Why Millennials Need a Record like OK Computer

December 12, 2018

A Brief Inquiry Into Online Relationships is not the classic 5-minute survey in your jam-packed spam folder, but the new album by the renowned British band The 1975. Released on 30 November, the impact of the album is starting to solidify, and one thing is for sure: there is something very special about this release. The undeniable (and intended) parallels to the 1997 Radiohead album OK Computer lead even critics to assume that A Brief Inquiry might well be its millennial parallel, and here is why.

 

     [ Give Yourself a Try - The 1975, 2018 ]

 

Admittedly, drawing such parallels might seem outrageous for those who have analysed the revolutionary impact of OK Computer on culture and the concomitant re-definition of established music genres. Undoubtedly, comparisons of this scale are questionable as it can take away on the autonomy of both artists’ achievements. Their very individual influence on a society that was and is thirsty for answers as well as guidance cannot be equated.

 

However, The 1975 frontman Matty Healy declared before the actual production of the record, that he aimed to (re)produce an album that is similar to the cultural relevancy of Ok Computer, but tailored to suit the millennial generation. This ambitious intention becomes clear when listening to the album. That is, it is hard to ignore that Healy chose for Ok Computer as a point of reference in terms of structure, sound, and alarming message of the record.

 

Both records – equally sensible to their zeitgeist – address the issues that entail the digital age and the pervasive online interactions that structure our interpersonal relationships.

 

     [ Fitter Happier - Radiohead, 1997 ] 

 

The feeling of dehumanisation experienced by Thom Yorke, the lead singer of Radiohead, was then just as present as it is now. When considering the constant and rapid progress in information technology and how we decide to use it, it is obvious that in 1997, the fears were completely different, yet just as justified as they are now.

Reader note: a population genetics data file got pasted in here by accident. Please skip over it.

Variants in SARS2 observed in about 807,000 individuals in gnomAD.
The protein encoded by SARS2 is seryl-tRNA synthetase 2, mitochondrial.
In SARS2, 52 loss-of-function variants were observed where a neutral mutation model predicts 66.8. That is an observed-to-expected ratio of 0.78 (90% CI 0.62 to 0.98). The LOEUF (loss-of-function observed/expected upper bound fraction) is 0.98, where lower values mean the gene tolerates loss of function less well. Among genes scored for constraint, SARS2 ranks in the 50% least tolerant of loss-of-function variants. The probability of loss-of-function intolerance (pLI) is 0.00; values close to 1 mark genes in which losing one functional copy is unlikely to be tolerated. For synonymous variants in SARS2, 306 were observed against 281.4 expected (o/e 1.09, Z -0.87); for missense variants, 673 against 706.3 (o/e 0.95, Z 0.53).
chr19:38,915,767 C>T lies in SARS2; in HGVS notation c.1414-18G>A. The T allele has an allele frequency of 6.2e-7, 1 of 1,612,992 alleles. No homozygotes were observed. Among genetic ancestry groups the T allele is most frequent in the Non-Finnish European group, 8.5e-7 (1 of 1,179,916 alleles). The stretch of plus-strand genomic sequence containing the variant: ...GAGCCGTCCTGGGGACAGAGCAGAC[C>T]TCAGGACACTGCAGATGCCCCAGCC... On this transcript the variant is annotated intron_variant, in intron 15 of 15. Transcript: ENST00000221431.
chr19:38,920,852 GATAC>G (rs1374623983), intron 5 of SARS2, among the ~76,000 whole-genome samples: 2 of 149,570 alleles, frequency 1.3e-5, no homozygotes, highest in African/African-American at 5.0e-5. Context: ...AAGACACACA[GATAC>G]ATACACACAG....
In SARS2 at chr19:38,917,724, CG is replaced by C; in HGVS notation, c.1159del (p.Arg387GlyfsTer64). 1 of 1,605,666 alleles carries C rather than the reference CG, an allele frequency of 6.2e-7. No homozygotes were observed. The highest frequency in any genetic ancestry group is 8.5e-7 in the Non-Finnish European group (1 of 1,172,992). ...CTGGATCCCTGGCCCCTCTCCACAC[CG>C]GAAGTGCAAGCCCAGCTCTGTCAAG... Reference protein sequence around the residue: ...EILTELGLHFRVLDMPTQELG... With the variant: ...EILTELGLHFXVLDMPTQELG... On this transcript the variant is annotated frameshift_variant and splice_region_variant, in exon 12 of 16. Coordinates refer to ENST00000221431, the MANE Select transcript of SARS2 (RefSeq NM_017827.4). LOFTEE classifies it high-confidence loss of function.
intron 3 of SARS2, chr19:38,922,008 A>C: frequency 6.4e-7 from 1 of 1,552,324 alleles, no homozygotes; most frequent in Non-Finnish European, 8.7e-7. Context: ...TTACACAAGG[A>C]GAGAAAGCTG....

In this age, Healy inquires us to think about the false assumption that we are in control of how we are perceived online. He (rightfully) assumes that we are desperate to live up to the carefully curated persona we create for ourselves that often misaligns with our actual personality. The feeling of losing control remains an issue in the digital age merely its focal point has shifted.

 

The helplessness we face daily to adjust to this online world and its fast-moving and inevitable repercussion on human life becomes evident with both records. The atmosphere created is alarming and light-hearted at the same time, making us question whether we are still or even more so “the pigs in the cage on antibiotics”.

 

     [ The Man Who Married A Robot / Love Theme - The 1975, 2018 ] 

 

The contextual parallels and similarities in style become evident when listening to a track like Fitter Happier by Radiohead and its seemingly modern sibling The Man Who Married a Robot/ Love Theme. They lead us to think about the changes that have been occurring since the release of OK Computer back in 1997, and the missing human answer to developments of such gravity.

 

Nonetheless, the semi-intended apocalyptic and uneasy atmosphere that arises through both records is intended to encourage us to reflect. The up-beat style of many of the songs as well as the exhaustive guitar riffs remind us that even if we are dreaded by the hardships of modern life, human experience is still “the ultimate gag” as Healy would put it.

 

Healy is known for his storytelling approach to song-writing, and this new record too does not lack in conversational lyrics, laced with literary references and often very resonant of the perceived millennial experience. Singles such as Sincerity is Scary or Give Yourself a Try elegantly touch upon the most profound issues of the millennial youth.

 

     [ Sincerity Is Scary - The 1975, 2018 ]

 

Both records allow us to rehabilitate from the exhaustion of trying to disguise our thirst for real human connection. They aim to clarify that we can regain power over our online as well as our offline lives, simply by allowing ourselves to be awkward and uneasy at times, which is a vital part of human experience.

 

 

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